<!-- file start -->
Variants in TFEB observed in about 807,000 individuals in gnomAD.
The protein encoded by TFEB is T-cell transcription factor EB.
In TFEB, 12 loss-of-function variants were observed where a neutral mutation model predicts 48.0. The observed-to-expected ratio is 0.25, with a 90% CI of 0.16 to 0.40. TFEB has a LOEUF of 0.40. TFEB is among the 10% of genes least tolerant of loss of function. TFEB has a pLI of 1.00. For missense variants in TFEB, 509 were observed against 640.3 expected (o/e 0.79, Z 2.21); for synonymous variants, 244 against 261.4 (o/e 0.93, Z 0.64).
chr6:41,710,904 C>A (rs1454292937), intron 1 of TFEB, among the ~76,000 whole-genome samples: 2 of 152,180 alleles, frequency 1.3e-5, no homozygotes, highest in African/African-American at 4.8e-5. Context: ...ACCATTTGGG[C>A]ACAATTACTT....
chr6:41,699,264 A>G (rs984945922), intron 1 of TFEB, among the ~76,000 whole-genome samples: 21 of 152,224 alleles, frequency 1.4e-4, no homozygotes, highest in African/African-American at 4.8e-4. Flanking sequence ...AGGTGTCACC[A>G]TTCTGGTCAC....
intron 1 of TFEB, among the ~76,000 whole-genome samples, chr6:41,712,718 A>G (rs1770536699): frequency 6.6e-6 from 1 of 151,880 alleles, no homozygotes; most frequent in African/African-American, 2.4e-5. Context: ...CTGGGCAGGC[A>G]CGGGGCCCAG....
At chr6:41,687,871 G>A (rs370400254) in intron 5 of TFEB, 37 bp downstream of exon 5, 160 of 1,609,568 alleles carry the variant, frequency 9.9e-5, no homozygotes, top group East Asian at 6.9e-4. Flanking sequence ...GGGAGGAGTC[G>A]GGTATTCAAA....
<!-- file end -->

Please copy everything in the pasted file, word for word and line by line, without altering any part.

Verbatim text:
Variants in TFEB observed in about 807,000 individuals in gnomAD.
The protein encoded by TFEB is T-cell transcription factor EB.
In TFEB, 12 loss-of-function variants were observed where a neutral mutation model predicts 48.0. The observed-to-expected ratio is 0.25, with a 90% CI of 0.16 to 0.40. TFEB has a LOEUF of 0.40. TFEB is among the 10% of genes least tolerant of loss of function. TFEB has a pLI of 1.00. For missense variants in TFEB, 509 were observed against 640.3 expected (o/e 0.79, Z 2.21); for synonymous variants, 244 against 261.4 (o/e 0.93, Z 0.64).
chr6:41,710,904 C>A (rs1454292937), intron 1 of TFEB, among the ~76,000 whole-genome samples: 2 of 152,180 alleles, frequency 1.3e-5, no homozygotes, highest in African/African-American at 4.8e-5. Context: ...ACCATTTGGG[C>A]ACAATTACTT....
chr6:41,699,264 A>G (rs984945922), intron 1 of TFEB, among the ~76,000 whole-genome samples: 21 of 152,224 alleles, frequency 1.4e-4, no homozygotes, highest in African/African-American at 4.8e-4. Flanking sequence ...AGGTGTCACC[A>G]TTCTGGTCAC....
intron 1 of TFEB, among the ~76,000 whole-genome samples, chr6:41,712,718 A>G (rs1770536699): frequency 6.6e-6 from 1 of 151,880 alleles, no homozygotes; most frequent in African/African-American, 2.4e-5. Context: ...CTGGGCAGGC[A>G]CGGGGCCCAG....
At chr6:41,687,871 G>A (rs370400254) in intron 5 of TFEB, 37 bp downstream of exon 5, 160 of 1,609,568 alleles carry the variant, frequency 9.9e-5, no homozygotes, top group East Asian at 6.9e-4. Flanking sequence ...GGGAGGAGTC[G>A]GGTATTCAAA....